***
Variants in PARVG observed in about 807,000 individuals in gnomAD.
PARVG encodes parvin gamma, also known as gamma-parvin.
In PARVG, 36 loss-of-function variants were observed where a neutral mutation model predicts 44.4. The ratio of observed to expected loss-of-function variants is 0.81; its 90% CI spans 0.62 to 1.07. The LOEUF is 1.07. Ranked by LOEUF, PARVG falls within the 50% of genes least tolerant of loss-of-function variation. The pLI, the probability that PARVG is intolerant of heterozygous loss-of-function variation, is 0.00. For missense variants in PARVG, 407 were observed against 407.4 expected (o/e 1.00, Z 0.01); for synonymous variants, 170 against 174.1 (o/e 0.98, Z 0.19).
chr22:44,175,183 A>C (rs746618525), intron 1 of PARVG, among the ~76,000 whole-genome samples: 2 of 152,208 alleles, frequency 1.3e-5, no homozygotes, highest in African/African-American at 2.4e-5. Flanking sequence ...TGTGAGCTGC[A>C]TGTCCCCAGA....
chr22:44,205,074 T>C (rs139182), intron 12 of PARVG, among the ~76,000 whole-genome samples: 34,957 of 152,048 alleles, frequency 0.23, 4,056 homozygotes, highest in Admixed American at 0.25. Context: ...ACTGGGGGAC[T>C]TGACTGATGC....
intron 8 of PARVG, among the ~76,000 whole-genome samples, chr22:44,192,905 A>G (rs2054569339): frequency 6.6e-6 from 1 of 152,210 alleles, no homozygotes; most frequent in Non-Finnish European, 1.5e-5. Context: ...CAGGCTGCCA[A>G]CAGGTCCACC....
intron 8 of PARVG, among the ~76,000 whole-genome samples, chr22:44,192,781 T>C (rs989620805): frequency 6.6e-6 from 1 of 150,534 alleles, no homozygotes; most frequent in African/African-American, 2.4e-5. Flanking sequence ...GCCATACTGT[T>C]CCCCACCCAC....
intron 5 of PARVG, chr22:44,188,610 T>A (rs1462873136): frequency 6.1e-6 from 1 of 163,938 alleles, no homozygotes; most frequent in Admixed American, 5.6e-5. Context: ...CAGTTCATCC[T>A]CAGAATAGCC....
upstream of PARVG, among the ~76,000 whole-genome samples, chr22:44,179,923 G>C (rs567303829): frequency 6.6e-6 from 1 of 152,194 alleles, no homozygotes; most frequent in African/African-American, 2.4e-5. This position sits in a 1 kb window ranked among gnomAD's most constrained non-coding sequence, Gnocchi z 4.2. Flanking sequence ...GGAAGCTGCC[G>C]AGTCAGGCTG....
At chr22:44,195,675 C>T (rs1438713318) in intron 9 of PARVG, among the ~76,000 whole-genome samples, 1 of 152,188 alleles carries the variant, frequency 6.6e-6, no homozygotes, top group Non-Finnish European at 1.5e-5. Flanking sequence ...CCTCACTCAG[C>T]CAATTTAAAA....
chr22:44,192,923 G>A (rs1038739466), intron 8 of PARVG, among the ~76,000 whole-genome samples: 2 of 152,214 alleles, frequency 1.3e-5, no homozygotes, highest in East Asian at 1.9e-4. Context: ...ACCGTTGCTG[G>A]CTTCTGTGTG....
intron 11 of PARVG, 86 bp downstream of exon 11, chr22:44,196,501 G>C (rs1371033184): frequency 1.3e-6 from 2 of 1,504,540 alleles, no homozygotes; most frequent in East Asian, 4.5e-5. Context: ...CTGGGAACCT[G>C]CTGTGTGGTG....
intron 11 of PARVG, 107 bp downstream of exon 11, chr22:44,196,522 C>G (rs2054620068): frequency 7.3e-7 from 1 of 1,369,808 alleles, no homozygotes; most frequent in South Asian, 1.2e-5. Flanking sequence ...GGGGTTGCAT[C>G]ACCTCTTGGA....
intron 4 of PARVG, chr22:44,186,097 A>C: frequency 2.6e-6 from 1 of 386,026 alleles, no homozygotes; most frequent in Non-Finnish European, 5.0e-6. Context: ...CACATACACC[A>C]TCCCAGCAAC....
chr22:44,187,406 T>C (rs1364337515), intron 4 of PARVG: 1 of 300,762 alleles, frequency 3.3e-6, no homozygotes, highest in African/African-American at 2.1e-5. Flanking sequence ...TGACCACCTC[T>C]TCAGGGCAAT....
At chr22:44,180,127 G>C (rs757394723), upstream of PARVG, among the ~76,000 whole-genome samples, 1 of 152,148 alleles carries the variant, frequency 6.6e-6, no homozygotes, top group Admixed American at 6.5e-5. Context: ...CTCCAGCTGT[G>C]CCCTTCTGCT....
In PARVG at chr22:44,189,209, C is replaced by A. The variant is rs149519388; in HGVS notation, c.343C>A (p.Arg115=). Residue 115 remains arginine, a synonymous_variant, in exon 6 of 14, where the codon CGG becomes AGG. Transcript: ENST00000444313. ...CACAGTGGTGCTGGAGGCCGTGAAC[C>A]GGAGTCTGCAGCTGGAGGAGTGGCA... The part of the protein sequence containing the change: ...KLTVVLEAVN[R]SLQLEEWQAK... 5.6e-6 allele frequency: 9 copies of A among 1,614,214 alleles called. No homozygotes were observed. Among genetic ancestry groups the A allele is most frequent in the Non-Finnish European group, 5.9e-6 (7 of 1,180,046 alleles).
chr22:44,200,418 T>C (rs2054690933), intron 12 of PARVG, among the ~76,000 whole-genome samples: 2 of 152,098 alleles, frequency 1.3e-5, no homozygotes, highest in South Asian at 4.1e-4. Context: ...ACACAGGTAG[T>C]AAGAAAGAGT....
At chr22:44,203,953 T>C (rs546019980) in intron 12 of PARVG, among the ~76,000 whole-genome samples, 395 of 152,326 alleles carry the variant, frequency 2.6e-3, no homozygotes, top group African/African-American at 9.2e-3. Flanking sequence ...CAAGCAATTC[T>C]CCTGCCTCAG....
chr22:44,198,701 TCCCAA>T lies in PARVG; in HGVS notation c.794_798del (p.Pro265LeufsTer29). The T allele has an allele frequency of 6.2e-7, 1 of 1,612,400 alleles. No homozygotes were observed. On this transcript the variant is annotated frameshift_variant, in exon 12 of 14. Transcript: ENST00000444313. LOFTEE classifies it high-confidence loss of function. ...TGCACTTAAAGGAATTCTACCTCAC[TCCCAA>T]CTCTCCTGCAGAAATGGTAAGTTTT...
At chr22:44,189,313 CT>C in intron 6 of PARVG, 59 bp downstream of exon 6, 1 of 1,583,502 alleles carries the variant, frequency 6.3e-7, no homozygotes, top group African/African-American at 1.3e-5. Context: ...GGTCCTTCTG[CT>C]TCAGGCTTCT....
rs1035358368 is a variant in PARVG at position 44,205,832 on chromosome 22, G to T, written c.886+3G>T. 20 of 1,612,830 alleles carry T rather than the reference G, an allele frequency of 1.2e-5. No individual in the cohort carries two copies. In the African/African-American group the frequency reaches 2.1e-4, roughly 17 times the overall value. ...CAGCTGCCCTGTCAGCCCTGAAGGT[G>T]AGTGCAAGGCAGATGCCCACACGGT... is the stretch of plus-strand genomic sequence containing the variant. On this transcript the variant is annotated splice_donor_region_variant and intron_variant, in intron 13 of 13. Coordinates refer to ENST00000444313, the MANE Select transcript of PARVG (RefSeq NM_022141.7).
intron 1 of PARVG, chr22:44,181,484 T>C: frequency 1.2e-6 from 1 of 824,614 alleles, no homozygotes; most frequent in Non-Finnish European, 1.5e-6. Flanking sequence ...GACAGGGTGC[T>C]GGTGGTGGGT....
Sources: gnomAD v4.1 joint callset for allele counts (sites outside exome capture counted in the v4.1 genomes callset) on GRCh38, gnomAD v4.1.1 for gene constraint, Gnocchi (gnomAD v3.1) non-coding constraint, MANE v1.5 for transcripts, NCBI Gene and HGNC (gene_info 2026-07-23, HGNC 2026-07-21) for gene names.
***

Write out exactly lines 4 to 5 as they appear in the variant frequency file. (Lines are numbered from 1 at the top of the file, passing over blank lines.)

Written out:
chr22:44,175,183 A>C (rs746618525), intron 1 of PARVG, among the ~76,000 whole-genome samples: 2 of 152,208 alleles, frequency 1.3e-5, no homozygotes, highest in African/African-American at 2.4e-5. Flanking sequence ...TGTGAGCTGC[A>C]TGTCCCCAGA....
chr22:44,205,074 T>C (rs139182), intron 12 of PARVG, among the ~76,000 whole-genome samples: 34,957 of 152,048 alleles, frequency 0.23, 4,056 homozygotes, highest in Admixed American at 0.25. Context: ...ACTGGGGGAC[T>C]TGACTGATGC....